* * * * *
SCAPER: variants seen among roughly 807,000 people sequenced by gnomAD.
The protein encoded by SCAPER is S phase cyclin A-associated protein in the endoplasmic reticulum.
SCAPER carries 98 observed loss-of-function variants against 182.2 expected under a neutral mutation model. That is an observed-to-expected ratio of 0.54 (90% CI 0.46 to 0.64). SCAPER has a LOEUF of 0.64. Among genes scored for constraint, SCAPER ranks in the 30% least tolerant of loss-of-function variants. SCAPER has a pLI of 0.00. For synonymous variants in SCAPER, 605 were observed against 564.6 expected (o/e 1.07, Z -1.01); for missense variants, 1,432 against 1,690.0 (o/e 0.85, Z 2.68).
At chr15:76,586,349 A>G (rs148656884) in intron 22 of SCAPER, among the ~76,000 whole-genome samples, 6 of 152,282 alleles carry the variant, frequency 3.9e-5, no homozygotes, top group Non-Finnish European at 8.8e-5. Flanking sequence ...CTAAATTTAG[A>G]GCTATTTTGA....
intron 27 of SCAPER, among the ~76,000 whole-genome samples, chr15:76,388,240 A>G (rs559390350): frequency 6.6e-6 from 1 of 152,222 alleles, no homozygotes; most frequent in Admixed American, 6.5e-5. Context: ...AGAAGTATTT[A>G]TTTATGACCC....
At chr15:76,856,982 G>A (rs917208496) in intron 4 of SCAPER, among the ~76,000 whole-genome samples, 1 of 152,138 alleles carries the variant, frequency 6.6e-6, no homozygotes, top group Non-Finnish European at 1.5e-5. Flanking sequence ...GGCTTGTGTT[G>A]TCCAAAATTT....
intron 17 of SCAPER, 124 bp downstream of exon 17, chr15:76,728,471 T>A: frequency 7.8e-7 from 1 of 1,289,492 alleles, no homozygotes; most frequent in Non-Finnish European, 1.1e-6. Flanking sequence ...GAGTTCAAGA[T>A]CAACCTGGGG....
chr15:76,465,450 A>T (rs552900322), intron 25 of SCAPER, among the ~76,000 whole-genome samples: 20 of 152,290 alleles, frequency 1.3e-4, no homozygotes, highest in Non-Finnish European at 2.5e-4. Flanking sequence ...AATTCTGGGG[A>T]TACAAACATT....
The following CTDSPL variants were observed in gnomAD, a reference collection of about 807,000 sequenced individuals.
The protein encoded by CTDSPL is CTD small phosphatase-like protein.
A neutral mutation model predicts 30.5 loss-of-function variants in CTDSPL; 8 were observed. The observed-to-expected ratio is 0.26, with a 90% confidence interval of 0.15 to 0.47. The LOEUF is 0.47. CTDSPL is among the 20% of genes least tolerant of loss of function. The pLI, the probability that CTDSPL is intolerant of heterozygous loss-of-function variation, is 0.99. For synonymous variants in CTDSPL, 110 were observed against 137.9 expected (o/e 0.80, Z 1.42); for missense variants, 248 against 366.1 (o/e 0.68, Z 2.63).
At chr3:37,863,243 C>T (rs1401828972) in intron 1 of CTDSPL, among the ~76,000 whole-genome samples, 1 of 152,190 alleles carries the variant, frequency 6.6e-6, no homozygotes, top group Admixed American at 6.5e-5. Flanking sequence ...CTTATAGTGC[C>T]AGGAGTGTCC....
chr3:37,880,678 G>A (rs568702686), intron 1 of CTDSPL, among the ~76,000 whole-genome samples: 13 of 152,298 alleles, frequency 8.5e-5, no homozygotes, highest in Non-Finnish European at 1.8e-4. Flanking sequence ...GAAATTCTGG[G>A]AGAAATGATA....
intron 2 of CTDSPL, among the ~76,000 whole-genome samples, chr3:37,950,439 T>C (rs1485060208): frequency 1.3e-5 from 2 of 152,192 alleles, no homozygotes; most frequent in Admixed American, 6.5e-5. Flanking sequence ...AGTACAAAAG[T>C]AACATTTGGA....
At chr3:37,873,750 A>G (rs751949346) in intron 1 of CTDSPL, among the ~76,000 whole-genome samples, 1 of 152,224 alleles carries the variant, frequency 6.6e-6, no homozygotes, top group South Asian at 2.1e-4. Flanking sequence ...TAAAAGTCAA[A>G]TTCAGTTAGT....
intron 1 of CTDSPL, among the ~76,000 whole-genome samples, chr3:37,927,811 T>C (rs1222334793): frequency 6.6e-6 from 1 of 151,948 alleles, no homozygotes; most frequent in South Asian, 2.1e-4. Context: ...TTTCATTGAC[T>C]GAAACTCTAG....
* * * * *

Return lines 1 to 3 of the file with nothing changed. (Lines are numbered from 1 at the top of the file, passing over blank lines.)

SCAPER: variants seen among roughly 807,000 people sequenced by gnomAD.
The protein encoded by SCAPER is S phase cyclin A-associated protein in the endoplasmic reticulum.
SCAPER carries 98 observed loss-of-function variants against 182.2 expected under a neutral mutation model. That is an observed-to-expected ratio of 0.54 (90% CI 0.46 to 0.64). SCAPER has a LOEUF of 0.64. Among genes scored for constraint, SCAPER ranks in the 30% least tolerant of loss-of-function variants. SCAPER has a pLI of 0.00. For synonymous variants in SCAPER, 605 were observed against 564.6 expected (o/e 1.07, Z -1.01); for missense variants, 1,432 against 1,690.0 (o/e 0.85, Z 2.68).